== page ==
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Event(s) on January 2015


  • Monday, 5th January, 2015

    Title: Enhanced Optimality Conditions and New Constraint Qualifications for Nonsmooth Optimization Problem
    Speaker: Dr. ZHANG Jin , Department of Mathematics & Statistics, University of Victoria, Canada
    Time/Place: 10:30  -  11:30
    FSC1217, Fong Shu Chuen Library, HSH Campus, Hong Kong Baptist University
    Abstract: We investigate necessary optimality conditions for a class of very general nonsmooth optimization problems called the mathematical program with geometric constraints (MPGC). The geometric constraint means that the image of certain mapping is included in a nonempty and closed set. We first study the conventional nonlinear program with equality, inequality and abstract set constraints as a special case of MPGC. We derive the enhanced Fritz John condition and from which, we obtain the enhanced Karush-Kuhn-Tucker (KKT) condition and introduce the associated pseudonormality and quasinormality condition. We prove that either pseudonormality or quasinormality with regularity implies the existence of a local error bound. We also give a tighter upper estimate for the Frechet subdifferential and the limiting subdifferential of the value function in terms of quasinormal multipliers. We then consider a more general MPGC where the image of the mapping from a Banach space is included in a nonempty and closed subset of a finite dimensional space. We obtain the enhanced Fritz John necessary optimality conditions in terms of the approximate subdifferential. We then apply our results to the study of exact penalty and sensitivity analysis. We also study a special class of MPCG named mathematical programs with equilibrium constraints (MPECs). We give upper estimates for the subdifferential of the value function in terms of the enhanced M- and C-multipliers respectively.


  • Tuesday, 6th January, 2015

    Title: The Signless Laplacian Spectral Radius of Graphs
    Speaker: Mr. HUANG Peng, Department of Mathematics, Hong Kong Baptist University, Hong Kong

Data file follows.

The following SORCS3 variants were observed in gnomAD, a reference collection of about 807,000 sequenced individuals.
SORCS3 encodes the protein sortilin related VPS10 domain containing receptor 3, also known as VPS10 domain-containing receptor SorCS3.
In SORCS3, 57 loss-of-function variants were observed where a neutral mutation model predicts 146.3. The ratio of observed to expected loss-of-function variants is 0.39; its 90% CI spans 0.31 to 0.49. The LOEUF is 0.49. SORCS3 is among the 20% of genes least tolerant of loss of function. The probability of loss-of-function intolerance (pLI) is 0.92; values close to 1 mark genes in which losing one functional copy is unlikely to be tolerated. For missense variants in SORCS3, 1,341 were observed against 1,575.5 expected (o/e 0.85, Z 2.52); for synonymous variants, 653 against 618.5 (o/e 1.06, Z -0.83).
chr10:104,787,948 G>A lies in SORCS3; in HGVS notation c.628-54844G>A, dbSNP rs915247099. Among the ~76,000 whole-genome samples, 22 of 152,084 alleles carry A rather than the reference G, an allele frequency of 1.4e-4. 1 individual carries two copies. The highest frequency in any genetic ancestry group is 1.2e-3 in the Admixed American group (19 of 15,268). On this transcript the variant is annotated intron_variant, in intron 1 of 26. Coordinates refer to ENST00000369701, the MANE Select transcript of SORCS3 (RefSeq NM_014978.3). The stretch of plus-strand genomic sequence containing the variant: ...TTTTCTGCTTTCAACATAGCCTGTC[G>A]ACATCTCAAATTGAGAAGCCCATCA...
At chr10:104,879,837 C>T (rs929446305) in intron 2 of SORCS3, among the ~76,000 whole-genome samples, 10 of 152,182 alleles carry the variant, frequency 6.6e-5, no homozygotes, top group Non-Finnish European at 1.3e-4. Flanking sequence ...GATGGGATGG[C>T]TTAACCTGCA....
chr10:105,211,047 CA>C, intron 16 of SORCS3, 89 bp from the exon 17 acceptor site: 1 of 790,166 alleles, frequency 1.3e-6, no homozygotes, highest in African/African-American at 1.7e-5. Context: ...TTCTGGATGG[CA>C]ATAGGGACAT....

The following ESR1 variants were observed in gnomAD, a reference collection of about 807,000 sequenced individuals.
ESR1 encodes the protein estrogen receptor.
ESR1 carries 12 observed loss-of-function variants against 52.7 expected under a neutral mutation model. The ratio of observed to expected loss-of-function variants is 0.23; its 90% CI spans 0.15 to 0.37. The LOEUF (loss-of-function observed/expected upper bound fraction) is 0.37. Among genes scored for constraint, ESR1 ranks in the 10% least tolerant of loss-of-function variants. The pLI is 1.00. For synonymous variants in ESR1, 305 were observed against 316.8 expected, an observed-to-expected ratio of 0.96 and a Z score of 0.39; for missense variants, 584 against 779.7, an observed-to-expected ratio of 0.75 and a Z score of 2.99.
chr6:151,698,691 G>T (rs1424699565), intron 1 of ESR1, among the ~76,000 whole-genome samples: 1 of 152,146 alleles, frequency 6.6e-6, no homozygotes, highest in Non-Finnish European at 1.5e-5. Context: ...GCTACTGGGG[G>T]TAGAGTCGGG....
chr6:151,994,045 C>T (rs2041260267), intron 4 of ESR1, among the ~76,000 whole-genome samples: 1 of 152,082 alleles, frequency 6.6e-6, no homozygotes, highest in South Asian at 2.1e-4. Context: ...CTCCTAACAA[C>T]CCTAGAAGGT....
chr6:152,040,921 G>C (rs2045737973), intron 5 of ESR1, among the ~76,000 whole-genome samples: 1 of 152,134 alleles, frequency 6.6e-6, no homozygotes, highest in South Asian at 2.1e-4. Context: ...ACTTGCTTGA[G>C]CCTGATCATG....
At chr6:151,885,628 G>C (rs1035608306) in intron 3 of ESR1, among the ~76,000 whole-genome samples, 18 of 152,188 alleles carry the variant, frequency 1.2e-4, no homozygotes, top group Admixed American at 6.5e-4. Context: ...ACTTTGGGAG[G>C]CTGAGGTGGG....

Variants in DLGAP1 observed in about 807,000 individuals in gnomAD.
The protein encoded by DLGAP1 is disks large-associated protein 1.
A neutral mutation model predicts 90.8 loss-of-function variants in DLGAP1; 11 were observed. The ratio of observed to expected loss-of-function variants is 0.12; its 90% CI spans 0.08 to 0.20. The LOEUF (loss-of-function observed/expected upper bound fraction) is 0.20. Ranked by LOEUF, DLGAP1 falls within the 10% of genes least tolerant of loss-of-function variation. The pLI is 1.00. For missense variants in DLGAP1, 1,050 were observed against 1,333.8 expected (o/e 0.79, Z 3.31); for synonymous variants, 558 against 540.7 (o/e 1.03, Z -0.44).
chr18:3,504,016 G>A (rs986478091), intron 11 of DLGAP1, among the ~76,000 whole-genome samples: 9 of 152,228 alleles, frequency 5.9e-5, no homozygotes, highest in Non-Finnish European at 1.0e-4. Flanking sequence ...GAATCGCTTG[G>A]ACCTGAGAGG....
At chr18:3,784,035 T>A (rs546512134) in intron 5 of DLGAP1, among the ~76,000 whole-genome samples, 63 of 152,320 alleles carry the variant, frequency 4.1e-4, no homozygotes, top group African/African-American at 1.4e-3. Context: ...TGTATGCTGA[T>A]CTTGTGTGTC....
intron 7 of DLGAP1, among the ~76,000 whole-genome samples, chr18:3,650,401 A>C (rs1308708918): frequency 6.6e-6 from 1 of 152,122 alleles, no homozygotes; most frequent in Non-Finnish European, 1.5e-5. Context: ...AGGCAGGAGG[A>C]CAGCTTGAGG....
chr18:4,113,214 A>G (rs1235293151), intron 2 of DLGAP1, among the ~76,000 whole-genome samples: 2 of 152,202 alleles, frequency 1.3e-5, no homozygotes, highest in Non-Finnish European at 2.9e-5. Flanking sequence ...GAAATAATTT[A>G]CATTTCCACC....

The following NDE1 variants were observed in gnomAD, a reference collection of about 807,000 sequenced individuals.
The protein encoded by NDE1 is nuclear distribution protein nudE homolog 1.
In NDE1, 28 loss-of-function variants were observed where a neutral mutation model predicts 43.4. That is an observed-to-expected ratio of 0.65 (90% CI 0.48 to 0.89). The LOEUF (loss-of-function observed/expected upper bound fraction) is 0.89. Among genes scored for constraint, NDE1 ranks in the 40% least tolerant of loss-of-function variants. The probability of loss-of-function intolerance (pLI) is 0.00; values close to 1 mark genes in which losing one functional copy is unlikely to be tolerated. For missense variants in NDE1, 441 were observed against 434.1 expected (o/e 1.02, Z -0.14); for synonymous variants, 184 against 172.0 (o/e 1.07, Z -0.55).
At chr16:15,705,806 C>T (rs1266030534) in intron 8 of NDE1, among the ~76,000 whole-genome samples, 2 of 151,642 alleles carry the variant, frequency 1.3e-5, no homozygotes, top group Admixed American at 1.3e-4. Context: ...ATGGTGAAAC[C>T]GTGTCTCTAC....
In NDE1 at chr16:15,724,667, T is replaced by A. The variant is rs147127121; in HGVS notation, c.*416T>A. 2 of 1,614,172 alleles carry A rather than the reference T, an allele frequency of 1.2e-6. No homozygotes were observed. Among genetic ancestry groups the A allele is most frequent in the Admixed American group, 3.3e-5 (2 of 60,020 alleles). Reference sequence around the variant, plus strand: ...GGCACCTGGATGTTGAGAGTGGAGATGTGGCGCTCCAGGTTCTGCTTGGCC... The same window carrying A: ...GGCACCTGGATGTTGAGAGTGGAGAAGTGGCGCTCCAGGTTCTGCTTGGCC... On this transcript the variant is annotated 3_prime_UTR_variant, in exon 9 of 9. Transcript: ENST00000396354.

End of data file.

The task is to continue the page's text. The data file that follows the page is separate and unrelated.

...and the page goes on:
Time/Place: 14:30  -  15:30
    FSC1217, Fong Shu Chuen Library, HSH Campus, Hong Kong Baptist University
    Abstract: The spectral graph theory is always an important research field because of the wild range of applications in chemistry, physics, networkand other subjects. In this talk, we consider the signless Laplacian spectrum of graphs. It contains two parts. Firstly, by estimating the number of the semi-edge walks of a graph, we obtain a new upper bound on the signless Laplacian spectral radius of the graph. Moreover, combining with the result of the edge decomposition of a planar graph by D.Goncalves, a new upper bound of the signless Laplacian spectral radius of a planar graph is presented. Secondly, we take the vertex connectivity into account and study the gap between 2∆ and q1 if G is irregular, where 2∆ is the maximum degree of a graph and q1 is the signless Laplacian spectral radius of the graph. We establish a lower bound on 2∆- q1.


  • Wednesday, 7th January, 2015

    Title: Optimal tests for weak and sparse signal detection and the calculation of their distributions
    Speaker: Dr. WU Zheyang , Department of Mathematics, Worcester Polytechnic Institute, USA
    Time/Place: 15:30  -  16:30
    FSC1217, Fong Shu Chuen Library, HSH Campus, Hong Kong Baptist University